It’s been around since 1999, but we’ve really invested heavily over the course of 2016 to make it more comprehensive. And in our view, heading into this year, Interfolio’s Dossier is looking pretty unmatched among commercially available academic portfolio software, given its mixture of scholar-focused tools that serve both continuous organization and transactional delivery of materials. Here’s why.

Every scholar with an Interfolio Dossier account has a dedicated, private way to:

  • Store all their academic materials, including documents, images, video links, and online material, that they may use whenever they might need to represent their accomplishments and character as a scholar. 
  • Send recommendation letter writers simple request emails to upload reusable letters for them. Letters are stored in the scholar’s account indefinitely (and confidentially from them)—enabling their peers and mentors to provide support for their endeavors, without forcing them to field dozens of individual requests. 
  • Tag materials as they wish, and organize the contents of their Dossier by tag, document type, and date received or requested. 
  • Preview any item stored in their Dossier to confirm how it’s going to come through to the reviewer on the other end. 
  • Maintain any number of standing collections of their materials. If they’re submitting a new application, or if their institution is using Interfolio’s platform for review, promotion, and tenure, they can automatically pull these collections into those occasions of presentation. 
  • Send materials practically anywhere—whether for free to a position or review hosted through Interfolio, or outside Interfolio’s system via email, paper mail, or direct upload.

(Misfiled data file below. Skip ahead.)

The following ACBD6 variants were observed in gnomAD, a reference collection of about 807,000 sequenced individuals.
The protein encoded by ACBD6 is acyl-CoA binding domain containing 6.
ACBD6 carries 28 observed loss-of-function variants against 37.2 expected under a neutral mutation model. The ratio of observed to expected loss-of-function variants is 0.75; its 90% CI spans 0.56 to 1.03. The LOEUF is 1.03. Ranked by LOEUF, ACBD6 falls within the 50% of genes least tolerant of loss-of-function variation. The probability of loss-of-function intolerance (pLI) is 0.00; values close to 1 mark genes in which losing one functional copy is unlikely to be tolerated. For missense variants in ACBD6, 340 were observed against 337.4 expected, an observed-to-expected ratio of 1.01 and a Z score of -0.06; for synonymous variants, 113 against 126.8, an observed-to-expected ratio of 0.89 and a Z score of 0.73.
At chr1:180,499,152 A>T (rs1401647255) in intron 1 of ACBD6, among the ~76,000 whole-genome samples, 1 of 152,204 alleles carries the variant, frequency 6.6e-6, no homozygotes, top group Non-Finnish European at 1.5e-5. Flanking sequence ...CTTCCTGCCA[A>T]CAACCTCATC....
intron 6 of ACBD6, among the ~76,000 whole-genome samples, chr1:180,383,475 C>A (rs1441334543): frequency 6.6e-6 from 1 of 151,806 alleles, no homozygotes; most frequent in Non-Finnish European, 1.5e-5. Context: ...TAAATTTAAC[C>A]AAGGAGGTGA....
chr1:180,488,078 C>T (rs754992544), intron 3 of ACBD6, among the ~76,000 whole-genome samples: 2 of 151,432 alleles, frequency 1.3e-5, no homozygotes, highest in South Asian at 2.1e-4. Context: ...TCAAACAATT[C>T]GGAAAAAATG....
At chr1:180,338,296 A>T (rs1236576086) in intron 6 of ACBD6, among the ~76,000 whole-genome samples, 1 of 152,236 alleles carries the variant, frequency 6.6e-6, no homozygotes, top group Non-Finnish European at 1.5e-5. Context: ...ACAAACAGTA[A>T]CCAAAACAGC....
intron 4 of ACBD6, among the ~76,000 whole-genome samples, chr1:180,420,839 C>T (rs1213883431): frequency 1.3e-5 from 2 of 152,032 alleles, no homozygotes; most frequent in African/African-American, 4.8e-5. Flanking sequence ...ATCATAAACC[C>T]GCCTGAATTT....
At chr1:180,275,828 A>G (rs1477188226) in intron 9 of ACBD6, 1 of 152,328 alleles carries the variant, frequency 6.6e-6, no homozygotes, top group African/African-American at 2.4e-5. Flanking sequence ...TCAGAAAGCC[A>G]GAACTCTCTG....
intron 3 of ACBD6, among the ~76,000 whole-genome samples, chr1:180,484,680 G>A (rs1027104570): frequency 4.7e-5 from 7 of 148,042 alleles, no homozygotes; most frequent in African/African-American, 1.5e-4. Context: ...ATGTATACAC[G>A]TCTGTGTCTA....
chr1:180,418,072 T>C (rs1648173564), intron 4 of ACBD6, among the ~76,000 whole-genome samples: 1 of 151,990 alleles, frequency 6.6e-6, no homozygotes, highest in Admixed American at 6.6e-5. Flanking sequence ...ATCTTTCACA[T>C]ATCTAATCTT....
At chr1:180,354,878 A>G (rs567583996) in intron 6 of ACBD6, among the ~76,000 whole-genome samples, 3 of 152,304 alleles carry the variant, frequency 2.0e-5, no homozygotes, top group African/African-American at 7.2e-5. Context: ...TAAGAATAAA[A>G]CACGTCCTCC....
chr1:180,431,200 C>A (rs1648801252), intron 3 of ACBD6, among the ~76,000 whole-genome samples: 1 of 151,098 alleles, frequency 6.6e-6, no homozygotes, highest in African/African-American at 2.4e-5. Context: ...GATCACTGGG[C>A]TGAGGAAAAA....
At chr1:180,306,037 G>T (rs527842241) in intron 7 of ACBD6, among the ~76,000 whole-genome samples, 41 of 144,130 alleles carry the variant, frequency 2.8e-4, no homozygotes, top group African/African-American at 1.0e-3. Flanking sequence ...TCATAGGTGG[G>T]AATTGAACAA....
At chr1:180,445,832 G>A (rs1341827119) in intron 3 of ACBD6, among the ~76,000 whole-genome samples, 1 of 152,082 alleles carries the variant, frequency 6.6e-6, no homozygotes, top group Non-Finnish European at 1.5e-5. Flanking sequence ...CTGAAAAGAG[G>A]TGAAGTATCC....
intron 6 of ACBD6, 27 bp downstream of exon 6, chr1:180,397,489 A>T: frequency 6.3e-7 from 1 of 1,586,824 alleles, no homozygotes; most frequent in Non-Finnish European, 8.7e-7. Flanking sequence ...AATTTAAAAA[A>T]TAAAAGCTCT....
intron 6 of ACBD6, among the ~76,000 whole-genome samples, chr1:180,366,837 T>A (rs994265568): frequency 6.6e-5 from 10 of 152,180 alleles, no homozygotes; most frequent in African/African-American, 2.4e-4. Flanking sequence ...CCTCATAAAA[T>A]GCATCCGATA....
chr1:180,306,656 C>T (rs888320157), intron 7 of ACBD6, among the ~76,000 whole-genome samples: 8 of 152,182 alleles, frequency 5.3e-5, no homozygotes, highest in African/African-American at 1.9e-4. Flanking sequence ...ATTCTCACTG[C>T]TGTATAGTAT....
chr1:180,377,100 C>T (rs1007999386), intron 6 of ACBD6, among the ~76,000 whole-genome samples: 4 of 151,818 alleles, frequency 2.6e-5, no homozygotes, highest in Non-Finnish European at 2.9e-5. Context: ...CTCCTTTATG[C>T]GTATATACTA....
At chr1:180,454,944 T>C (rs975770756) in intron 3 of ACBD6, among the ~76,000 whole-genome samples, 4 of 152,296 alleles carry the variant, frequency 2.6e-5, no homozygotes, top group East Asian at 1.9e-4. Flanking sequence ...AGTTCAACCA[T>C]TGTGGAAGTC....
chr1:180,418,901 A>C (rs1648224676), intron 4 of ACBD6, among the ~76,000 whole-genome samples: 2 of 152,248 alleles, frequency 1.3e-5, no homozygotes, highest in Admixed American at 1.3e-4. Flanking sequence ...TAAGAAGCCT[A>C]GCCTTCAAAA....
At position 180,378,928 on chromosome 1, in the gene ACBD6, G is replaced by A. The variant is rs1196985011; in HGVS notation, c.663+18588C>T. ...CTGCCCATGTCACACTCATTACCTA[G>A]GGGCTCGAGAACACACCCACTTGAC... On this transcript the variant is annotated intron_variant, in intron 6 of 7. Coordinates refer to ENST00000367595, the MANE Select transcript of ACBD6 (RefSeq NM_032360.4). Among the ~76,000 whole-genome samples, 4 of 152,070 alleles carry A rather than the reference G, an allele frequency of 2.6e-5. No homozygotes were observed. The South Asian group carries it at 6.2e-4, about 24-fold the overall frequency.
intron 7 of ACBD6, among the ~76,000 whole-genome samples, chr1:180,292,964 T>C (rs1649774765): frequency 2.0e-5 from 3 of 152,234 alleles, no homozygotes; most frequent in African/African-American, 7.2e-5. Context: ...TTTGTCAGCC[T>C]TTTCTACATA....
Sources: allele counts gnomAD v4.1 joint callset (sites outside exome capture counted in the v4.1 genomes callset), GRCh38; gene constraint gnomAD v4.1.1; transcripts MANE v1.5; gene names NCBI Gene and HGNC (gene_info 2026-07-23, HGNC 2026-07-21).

It’s this concept of a private hub for each individual scholar that makes Dossier so central to the faculty technology we’re building.

Even if you originally get a Dossier through your institution, your Dossier is portable and belongs to you—not to the institution. The academic portfolio’s benefits accrue as your list of publications, courses taught, speaking engagements, and committee contributions grows. You might have put a lot of work into assembling and labeling your materials. If at some point you leave the institution, you can take your Dossier and its contents with you. And (especially) if you later find yourself at a different institution that also uses Interfolio on the committee side, you’ll already be ahead of the game.

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If you’d like to learn more about using Dossier as an individual, you can read more about it or simply see our subscription plans. If you have questions, feel free to ask at help@interfolio.com.

If your institution already uses Interfolio to manage faculty recruitment or promotion and you’d like to learn more about Dossier, go ahead and get in touch at clientsuccess@interfolio.com.

If you’re curious about how what Interfolio does could help faculty at your school, send us a note or read about how we’ve helped some other schools.